Strum — a note-burst synth and controller

Strum is a strum or note-burst generating synth patch. The sound engine is built around pinged, resonant band-pass filters–pinged by white noise–to produce idiophone-like sounds (tuned percussion–toy pianos, marimba, bells, etc.). Play a note and produce a chord, an arpeggio, a string of delayed quantized notes, in key and scale… or not.

The included .zip file contains:
Strum R — the sound engine with a reverb lite for an effect
Strum D — the sound engine with a tap-tempo delay w/ mod (clean) for an effect
Strum cont. — a MIDI controller patch for using with external synths

The procedure is simple. Play a note on a MIDI keyboard or the keyboard module included on the second page of the patch. Determine the delay amount and the note spread. Then listen. It sounds nice.

MIDI default is channel 1; the MIDI input can be found on page 2.

The output is stereo.

A special thanks to my patrons on Patreon for their support: Rob Flax, Stepan Grammatik, brockstar, Mats Unnerholm, D Sing, Will Scott, drew batchelor, Miguel, Steve Bragg, Joab Eastley, Tomi Kokki, Mitch Lantz, Ben Norland, Daniel Morris, Roman Jakobej, Mark Crosbie, Steve Codling, Timothy Cleary, Soren Made, Ken Luke, Mike Ryan, Vilis Klavins, and Nick!

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Left stompswitch, latching — switches between MIDI (magenta UI button on front page and keyboard module page) or “local” (UI button switches to white)

Front page:

Across the top are controls related to the burst generation:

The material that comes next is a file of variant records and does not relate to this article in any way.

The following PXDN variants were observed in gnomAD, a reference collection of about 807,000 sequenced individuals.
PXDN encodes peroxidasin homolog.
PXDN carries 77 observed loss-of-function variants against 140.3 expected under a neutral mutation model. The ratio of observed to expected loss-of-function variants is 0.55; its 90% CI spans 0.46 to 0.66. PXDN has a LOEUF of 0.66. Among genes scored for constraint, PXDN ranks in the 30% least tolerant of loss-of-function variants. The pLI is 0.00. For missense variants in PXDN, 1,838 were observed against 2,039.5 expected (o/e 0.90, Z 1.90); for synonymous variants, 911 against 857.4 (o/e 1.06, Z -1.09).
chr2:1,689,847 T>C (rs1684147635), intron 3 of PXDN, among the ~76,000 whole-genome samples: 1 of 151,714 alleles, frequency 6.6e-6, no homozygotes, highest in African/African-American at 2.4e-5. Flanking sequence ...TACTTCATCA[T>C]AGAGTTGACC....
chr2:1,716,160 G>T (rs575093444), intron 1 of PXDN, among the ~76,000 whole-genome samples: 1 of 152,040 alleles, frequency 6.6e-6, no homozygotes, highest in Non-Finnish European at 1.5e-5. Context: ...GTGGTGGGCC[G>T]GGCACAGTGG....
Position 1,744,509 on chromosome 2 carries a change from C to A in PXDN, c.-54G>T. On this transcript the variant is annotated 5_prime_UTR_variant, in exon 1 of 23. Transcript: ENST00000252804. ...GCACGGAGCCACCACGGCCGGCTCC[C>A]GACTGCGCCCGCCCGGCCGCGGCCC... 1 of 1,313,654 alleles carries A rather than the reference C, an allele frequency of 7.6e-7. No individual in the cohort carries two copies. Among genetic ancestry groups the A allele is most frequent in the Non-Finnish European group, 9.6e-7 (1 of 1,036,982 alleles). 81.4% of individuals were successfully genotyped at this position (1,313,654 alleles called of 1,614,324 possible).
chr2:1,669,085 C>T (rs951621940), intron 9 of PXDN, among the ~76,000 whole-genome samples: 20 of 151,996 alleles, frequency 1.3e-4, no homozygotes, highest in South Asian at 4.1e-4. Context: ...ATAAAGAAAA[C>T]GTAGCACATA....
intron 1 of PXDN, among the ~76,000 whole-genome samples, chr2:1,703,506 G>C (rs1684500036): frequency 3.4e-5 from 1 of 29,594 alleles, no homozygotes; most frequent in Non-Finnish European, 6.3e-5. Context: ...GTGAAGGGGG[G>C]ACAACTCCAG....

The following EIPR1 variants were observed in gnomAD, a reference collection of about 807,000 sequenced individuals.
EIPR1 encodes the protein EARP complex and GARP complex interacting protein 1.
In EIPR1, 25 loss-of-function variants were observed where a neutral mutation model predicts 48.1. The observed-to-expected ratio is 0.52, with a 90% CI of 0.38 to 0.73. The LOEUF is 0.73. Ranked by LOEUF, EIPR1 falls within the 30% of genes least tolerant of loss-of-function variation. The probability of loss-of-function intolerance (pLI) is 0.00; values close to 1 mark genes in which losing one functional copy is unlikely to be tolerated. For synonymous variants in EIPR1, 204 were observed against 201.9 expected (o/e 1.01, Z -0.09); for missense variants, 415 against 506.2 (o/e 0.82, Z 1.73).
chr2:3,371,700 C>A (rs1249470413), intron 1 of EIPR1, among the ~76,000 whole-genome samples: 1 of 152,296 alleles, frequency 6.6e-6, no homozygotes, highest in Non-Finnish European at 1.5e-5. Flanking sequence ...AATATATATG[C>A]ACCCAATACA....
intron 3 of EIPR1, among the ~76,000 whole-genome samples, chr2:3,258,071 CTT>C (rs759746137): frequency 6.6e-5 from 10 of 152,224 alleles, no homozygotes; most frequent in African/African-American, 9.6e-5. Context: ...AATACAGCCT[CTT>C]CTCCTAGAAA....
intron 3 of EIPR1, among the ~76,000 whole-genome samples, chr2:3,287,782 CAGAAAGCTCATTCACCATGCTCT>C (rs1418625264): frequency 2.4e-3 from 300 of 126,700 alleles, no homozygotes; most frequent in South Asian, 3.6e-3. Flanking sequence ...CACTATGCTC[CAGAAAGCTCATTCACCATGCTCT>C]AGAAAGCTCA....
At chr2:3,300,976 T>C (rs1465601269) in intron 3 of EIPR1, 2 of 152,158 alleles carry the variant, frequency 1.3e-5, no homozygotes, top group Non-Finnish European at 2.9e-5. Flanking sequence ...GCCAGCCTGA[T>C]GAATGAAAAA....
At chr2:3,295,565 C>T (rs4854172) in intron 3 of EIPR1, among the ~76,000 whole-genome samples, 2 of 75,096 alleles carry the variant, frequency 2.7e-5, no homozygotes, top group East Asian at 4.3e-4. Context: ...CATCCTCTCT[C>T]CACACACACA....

Strum spread — determines the spread (created by CV delay) between each note; at 0, it produces chords; as the spread is increased, the notes are spread out more, from strums and arpeggios to very slow progressions at the maximum

Note range — determines the spread of the notes across a five octave range (although pushed to its limits, some of the higher notes are pretty… plinky)

Key — sets the key of the quantizers; as you adjust the note value from A0 to G#1, the key changes according to the displayed note, so A0 = A, D#1 = D#; any value above G#1 will also produce a key of G#

Scale — as you change the value, the UI button will change colors according to the scale; blue is chromatic; green is major; red is natural minor; yellow and aqua are… the other minors that I can’t ever remember the names of (I mostly use natural minor and major); as long as the UI shows that appropriate color, any value entered on this control corresponds to that scale

Across the center of the page are six pushbuttons: turning them off and on will mute the given voice allowing for different rhythms; in the controller version, a pixel shows when each voice is playing

In the bottom right corner is a control called “velocity off” (blue pushbutton): when under MIDI control, turning this on will disable velocity (I know)

All of the above controls correspond to each version.

There are additional controls across the bottom for the versions (Strum R and Strum D) with included synth voices.

Brightness — this controls the resonance of the filters; higher values will have longer decay and sound more bell-like; lower values will be more percussive and have shorter decays

Aliaser frequency — I think this adds a nice, lo-fi grit to the sound; at 24k Hz, the sound is clear; as you decrease the frequency, the sound will become less clear, more distorted, take on some ring mod-ish qualities, etc. nice stuff

In Strum R:

Reverb decay and reverb mix — control the reverb lite

In Strum D:

Tap (momentary pushbutton) — can be used to enter the tap tempo; the patch also receives MIDI clock, which will supersede tap tempo

Delay feedback and delay mix — control the delay w/ mod

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  • Category: Sequencer Synthesizer Utility
  • Revision: 1.0
  • License: Creative Commons Attribution Share Alike 4.0
  • Views: 490
  • Modified: 3 months ago
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